Your M Sport likely has a staggered set-up and can't rotate your tires (tyres) front to back. So, you're stuck with wearing out the rears faster than the fronts.

I've automated my tread depth data and wear calculations in an Excel spreadsheet. Here's three snapshots. The 45k mile data from my 535i shows over-inflation on the rear tires (excessive wear in the center (centre)). The 51k mile data from my 535i shows an alignment problem after hitting a pot hole a few k-miles earlier (excessive outer wear on three tires, slightly excessive inner wear on the fourth tire). The car still tracked straight, but there was a problem. The 117k mile data from my Chevy Cobalt shows excessive wear in the center (centre). But, that was intentional to even out the tread depths across the tires. I really flick the Cobalt around. Yet, the high-performance Conti' DW's will last over 40k miles. I could probably go to 50k miles and still not fail your MOT (1.6mm).

I call my process "tire whispering." It's sort of like horse whispering... except with tires instead of horses. I'm terrified of horses, and I stay away from them. :eek:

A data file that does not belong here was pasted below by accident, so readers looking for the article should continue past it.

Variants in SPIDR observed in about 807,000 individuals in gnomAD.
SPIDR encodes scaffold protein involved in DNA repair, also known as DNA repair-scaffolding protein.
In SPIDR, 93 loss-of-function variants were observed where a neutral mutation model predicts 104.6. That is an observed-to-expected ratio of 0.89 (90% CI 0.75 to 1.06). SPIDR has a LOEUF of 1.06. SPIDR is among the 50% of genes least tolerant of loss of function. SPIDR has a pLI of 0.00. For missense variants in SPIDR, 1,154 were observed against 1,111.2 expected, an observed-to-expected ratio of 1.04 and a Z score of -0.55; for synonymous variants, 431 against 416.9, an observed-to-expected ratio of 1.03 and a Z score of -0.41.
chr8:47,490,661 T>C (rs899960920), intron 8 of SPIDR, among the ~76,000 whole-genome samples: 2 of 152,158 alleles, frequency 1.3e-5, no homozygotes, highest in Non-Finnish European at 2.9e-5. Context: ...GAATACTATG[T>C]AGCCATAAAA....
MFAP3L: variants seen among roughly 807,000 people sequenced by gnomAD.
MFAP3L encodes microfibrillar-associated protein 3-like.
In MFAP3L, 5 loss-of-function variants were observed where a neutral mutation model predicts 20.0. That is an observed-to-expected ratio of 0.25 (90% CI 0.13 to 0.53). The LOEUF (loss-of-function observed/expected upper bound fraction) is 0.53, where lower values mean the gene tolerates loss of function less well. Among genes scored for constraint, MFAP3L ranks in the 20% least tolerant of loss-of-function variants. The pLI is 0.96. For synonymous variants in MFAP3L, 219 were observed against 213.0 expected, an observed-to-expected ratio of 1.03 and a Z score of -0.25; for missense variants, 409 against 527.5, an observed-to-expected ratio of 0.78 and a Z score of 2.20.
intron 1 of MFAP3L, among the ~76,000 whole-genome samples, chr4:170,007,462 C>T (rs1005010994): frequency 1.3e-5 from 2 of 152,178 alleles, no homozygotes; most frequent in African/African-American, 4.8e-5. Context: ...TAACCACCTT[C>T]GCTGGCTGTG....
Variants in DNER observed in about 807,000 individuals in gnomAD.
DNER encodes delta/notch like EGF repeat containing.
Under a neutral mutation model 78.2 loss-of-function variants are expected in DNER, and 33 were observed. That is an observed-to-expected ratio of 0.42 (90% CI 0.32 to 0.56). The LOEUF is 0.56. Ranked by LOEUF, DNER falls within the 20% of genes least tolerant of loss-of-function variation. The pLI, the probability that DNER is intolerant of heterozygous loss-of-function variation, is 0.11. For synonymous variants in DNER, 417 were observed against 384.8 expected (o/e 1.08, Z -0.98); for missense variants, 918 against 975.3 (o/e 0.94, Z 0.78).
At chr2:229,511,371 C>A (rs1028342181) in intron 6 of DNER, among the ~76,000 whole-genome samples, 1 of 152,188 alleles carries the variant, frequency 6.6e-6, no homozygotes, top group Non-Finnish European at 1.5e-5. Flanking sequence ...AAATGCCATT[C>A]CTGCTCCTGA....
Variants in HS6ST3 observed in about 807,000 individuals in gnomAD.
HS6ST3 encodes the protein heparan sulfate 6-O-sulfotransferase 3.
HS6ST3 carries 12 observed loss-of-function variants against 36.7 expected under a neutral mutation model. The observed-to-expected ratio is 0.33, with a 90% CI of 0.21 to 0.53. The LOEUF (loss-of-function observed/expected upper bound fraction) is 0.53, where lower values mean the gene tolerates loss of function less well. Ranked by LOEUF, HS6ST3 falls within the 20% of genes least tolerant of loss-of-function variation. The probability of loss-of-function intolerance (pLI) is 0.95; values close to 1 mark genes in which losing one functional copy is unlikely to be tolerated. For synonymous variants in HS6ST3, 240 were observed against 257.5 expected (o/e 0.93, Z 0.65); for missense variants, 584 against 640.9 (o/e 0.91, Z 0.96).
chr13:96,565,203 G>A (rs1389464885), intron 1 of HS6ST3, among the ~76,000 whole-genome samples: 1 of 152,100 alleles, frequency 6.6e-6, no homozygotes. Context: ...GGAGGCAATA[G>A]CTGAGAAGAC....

I know you are sick of hearing this stuff, but.... I have a 2017 440i Convertible and I have ONLY 13,000 miles on it (don't drive much). It is an automatic and I'd say 90% of miles are in the Comfort mode and 75% of the miles are NOT freeway miles. I religiously check air pressure in tires (according to placard on door & users manual, 36 front & 41 rear) once a week with a tire gauge and verify on cars pressure readout). The tires are original Pirelli RFT's, 225/40 R19 front and 255/35 R19 rear. The middle of tires (all 4) are just about bald while the edges look fine. I have never had a set of tires/car that have gone to hell in such a short mileage (even my C5 Corvette gave me an average of 32,000 miles and they were RFT's). Is pressure info on door placard/users manual wrong, are tires a bad lot, I am driving car just like I have driven all my other cars over the last 50 years, except not putting the mileage on since I've retired. Thanks